BSc/MEarthSci Earth and Planetary Sciences with an Integrated Foundation Year / Course details
Year of entry: 2021
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Course unit details:
|Unit level||Level 1|
|Teaching period(s)||Semester 1|
|Offered by||Department of Chemistry|
|Available as a free choice unit?||No|
This course will provide the knowledge and understanding needed to study Inorganic and Physical Chemistry topics on undergraduate degree courses within the EPS faculty.
The aim is to obtain the knowledge and understanding required to study Inorganic and Physical Chemistry topics on undergraduate degree courses within the EPS Faculty.
Teaching and learning methods
24 Lectures / 11 tutorials
Knowledge and understanding
- Develop a detailed understanding of atomic structure and how it leads to electronic configurations, group chemistry and the ultimate organisation of the Periodic Table of the Elements.
- Appreciate the existence of isotopes and how instability leads to the phenomenon of radioactivity. Develop an understanding of the mathematics underpinning radioactive decay.
- Classify bonding in the solid state and understand basic solid state characterisation techniques
- Develop a detailed understanding of the SI system. Appreciate the fundamental importance of the correct use of units and develop dimensional analysis techniques.
- Develop detailed understanding of the Electromagnetic spectrum including uses of radiation and inter-conversion of quantities.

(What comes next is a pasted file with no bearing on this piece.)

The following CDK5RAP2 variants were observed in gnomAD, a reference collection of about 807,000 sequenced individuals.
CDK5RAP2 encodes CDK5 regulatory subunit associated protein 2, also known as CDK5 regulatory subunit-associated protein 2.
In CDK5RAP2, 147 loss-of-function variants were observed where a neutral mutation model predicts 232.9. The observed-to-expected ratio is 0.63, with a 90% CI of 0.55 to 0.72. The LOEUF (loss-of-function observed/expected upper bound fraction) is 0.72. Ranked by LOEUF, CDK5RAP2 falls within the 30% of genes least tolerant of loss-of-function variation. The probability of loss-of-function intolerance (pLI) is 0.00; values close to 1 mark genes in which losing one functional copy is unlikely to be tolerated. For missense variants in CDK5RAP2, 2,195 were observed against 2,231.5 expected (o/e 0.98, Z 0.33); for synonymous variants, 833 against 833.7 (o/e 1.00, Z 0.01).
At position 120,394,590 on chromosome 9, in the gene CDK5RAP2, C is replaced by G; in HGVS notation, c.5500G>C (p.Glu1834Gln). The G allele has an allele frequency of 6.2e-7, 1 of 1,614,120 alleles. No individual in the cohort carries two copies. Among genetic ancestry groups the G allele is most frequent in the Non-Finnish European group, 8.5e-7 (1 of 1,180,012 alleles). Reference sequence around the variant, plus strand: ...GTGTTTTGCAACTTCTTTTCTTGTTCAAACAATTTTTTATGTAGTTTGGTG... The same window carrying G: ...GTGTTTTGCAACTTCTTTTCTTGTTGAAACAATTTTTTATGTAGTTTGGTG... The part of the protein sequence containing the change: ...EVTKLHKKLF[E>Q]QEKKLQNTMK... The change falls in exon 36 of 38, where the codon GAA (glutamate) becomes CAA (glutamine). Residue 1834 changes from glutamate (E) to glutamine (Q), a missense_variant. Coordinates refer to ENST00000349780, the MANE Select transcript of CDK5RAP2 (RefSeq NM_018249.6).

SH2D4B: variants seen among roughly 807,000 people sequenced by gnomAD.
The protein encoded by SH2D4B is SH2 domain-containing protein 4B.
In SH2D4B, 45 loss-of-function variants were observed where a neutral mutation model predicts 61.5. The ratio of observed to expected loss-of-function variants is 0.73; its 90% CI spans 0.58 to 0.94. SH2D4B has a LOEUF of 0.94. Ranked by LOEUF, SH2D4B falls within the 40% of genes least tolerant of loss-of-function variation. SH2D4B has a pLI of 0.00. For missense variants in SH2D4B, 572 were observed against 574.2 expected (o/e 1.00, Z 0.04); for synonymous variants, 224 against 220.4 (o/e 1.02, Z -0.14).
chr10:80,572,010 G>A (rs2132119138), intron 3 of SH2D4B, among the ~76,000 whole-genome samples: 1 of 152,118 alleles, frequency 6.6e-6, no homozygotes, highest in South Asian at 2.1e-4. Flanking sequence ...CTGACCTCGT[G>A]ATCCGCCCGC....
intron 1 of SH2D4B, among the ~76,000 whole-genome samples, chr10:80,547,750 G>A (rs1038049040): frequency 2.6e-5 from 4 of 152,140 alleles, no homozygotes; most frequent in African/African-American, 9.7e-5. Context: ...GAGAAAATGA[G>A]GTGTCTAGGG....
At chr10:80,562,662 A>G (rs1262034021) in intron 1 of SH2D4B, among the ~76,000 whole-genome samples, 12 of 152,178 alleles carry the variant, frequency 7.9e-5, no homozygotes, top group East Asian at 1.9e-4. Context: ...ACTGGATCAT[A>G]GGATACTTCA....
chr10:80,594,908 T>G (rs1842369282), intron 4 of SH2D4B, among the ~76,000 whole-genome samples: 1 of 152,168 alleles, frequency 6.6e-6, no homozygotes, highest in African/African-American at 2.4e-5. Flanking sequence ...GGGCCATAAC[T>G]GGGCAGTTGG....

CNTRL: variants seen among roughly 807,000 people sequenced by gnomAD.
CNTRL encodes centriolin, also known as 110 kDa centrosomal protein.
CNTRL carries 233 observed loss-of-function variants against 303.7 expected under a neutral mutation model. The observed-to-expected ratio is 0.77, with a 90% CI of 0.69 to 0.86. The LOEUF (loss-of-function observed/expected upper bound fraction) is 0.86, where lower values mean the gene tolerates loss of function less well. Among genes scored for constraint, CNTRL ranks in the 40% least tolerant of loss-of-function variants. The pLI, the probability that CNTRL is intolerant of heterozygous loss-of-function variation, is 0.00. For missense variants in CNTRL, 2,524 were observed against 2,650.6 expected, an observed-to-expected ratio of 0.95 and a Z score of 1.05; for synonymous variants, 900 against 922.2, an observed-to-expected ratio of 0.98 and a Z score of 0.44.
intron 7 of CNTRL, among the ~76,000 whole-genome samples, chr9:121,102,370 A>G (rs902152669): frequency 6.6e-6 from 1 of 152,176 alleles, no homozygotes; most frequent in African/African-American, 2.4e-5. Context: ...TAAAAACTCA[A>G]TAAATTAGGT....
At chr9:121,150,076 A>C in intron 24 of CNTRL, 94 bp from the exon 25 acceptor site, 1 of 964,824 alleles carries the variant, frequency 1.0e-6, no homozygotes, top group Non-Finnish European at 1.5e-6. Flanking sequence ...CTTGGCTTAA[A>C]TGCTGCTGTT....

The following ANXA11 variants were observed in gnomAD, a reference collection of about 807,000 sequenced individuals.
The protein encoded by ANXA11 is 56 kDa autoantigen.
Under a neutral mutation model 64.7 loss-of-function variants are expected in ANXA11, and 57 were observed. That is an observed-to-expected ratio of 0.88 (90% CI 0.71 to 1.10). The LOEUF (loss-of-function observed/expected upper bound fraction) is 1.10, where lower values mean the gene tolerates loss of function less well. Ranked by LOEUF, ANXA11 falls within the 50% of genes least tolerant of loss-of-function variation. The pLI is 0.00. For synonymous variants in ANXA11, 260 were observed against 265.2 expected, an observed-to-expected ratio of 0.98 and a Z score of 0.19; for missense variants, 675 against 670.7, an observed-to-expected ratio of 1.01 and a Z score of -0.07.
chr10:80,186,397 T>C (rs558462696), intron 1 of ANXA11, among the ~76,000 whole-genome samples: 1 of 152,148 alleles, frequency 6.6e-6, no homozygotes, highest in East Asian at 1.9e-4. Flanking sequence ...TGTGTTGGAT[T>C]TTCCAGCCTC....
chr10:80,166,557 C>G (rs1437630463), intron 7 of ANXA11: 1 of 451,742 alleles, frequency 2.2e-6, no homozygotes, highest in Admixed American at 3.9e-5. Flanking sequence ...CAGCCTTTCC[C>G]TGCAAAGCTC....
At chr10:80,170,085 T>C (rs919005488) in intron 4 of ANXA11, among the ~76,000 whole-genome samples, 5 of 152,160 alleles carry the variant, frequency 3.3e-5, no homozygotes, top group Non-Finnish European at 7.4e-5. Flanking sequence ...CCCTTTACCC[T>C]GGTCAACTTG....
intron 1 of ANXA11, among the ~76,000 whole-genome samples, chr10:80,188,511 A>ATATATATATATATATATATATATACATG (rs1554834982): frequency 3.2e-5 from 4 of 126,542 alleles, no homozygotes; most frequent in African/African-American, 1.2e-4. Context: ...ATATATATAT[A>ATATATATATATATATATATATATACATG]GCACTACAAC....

- Study the Gas Laws in detail and understand the fundamental importance of the Kinetic Theory of Gases.
- Develop the ability to interpret phase diagrams, understand equilibrium between the phases and the behaviour of matter beyond the critical point and use this information to describe the behaviour of real world materials.
- Most importantly, be able to relate all of the above to the real world that you live in.
- Fundamental appreciation of the use and paramount importance of units in both Chemistry and the whole of science.
- Arithmetic and algebraic inter-conversion of quantities.
- Assimilation and inter-conversion of varied data sets (numerical, tabulated, graphical).
- Application of chemical principles and concepts to the solution of numerical problems.
- Presentation of arguments and ideas logically.
- Consideration of health and safety issues for a variety of chemicals applicable to practical risk assessment.
Transferable skills and personal qualities
- Develop the following study skills: time management, concentration, effective questioning, note taking, reasoned argument, problem solving, information appraisal, revision and examination techniques.
- Develop 3D spatial awareness techniques
- The lectures and tutorials present the opportunity to improve formal interaction skills through volunteering for class demonstrations and / or asking questions during tuition – this is strongly encouraged.
|Written assignment (inc essay)||20%|
In-class test marks will be returned promptly in tutorials following the test and correct solutions to all questions will be discussed.
A.N. Burrows, J. Holman, A. Parsons, G. Pilling, G. Price Chemistry3: Introducing Inorganic, Organic and Physical Chemistry; Oxford University Press, 2009.
|Scheduled activity hours|
|Assessment written exam||2|
|Independent study hours|
|Kristy Turner||Unit coordinator|
80% of unit grade
2 hour long examination
20% of unit grade
Two in-class, open-book, multiple-choice tests, each test counts 10% towards the course unit grade.
Coursework will take the form of two in class, open-book, multiple-choice tests during the latter half of the course. Each test counts 10% towards your unit grade. As the tests are primarily designed to encourage familiarisation with the course material you are expected to revise thoroughly for them. The questions are mostly numerical problem solving in nature and require understanding of the material rather than just simple rote learning.